Pakistan Prime Minister Imran Khan said that the United States "really messed it up" in Afghanistan by initially looking for a military solution and then attempting to seek a political solution from a position of weakness.
"I think the US has really messed it up in Afghanistan," the Prime Minister said during an interview with PBS NewsHour aired Tuesday night.
He added: "The US should have opted for a political solution when the presence of NATO forces in Afghanistan was at an all-time high and not when they had reduced the troops to barely 10,000."
Under a deal with the Taliban, the US and its NATO allies agreed to withdraw all troops in return for a commitment by the militants that they would prevent extremist groups from operating in areas they control. US President Joe Biden has announced that American troops will be out of the country by August 31.
Pakistan has been long accused of helping the Taliban militarily, financially and with intelligence inputs in their fight against the Afghanistan government, which Imran Khan dismissed as "extremely unfair".
He also said that 70,000 Pakistanis had died in the aftermath of the US war in Afghanistan, even when "Pakistan had nothing to do with what happened (in New York on September 11, 2001)."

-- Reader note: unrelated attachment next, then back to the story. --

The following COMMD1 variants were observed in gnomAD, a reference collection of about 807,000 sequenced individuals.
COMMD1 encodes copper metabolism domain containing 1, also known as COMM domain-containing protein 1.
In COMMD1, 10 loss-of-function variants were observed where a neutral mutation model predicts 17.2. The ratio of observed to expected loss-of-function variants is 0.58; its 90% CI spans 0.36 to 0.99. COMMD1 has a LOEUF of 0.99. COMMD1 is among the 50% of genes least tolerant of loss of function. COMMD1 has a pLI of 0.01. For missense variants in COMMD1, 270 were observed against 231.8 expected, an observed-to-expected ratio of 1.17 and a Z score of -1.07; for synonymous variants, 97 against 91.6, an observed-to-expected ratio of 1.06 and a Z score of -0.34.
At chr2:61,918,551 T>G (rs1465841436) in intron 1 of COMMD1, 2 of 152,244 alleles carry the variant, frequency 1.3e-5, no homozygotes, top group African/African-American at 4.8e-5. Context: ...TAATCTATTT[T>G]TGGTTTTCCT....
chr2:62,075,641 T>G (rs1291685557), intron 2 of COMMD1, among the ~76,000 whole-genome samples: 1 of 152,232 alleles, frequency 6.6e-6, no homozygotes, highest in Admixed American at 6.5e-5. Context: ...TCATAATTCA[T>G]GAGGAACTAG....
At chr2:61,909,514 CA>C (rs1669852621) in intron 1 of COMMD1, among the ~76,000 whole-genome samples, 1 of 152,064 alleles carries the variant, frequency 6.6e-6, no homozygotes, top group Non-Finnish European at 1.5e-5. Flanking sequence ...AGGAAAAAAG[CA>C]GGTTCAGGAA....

At the time, Al Qaeda was based in Afghanistan and "there were no militant Taliban in Pakistan," he said, maintaining that no Pakistani national was involved in the attack on the World Trade Centre.
"We had nothing to do with," he repeated, regretting that the war in Afghanistan had resulted in a loss of 150 billion dollars to Pakistan's economy.
According to a report prepared for the UN Security Council, about 6,000 terrorists of Tehreek-i-Taliban Pakistan (TTP) are operating on the Afghan side of the border. While the TTP has "distinctive anti-Pakistan objectives", it also supports the Afghan Taliban militants inside Afghanistan against Afghan Forces, the report by the UN Analytical Support and Sanctions Monitoring Team said.
UN monitors note that TTP "has distinctive anti-Pakistan objectives but also supports the Afghan Taliban militarily inside Afghanistan against Afghan government forces".
When asked about a recent report of 10,000 Pakistani fighters crossing over the border to help the Taliban, he said, "This is absolute nonsense. Why don't they give us evidence of this?"
When questioned about his controversial remarks on rape, which had drawn widespread criticism and earned him rebuke from civil society, political circles and on social media, Khan said that "anyone who commits rape, solely and solely, that person is responsible."
"No matter whatever, how much ever a woman is provocative or whatever she wears, the person who commits rape, he is fully responsible. Never is the victim responsible," he clarified. (ANI)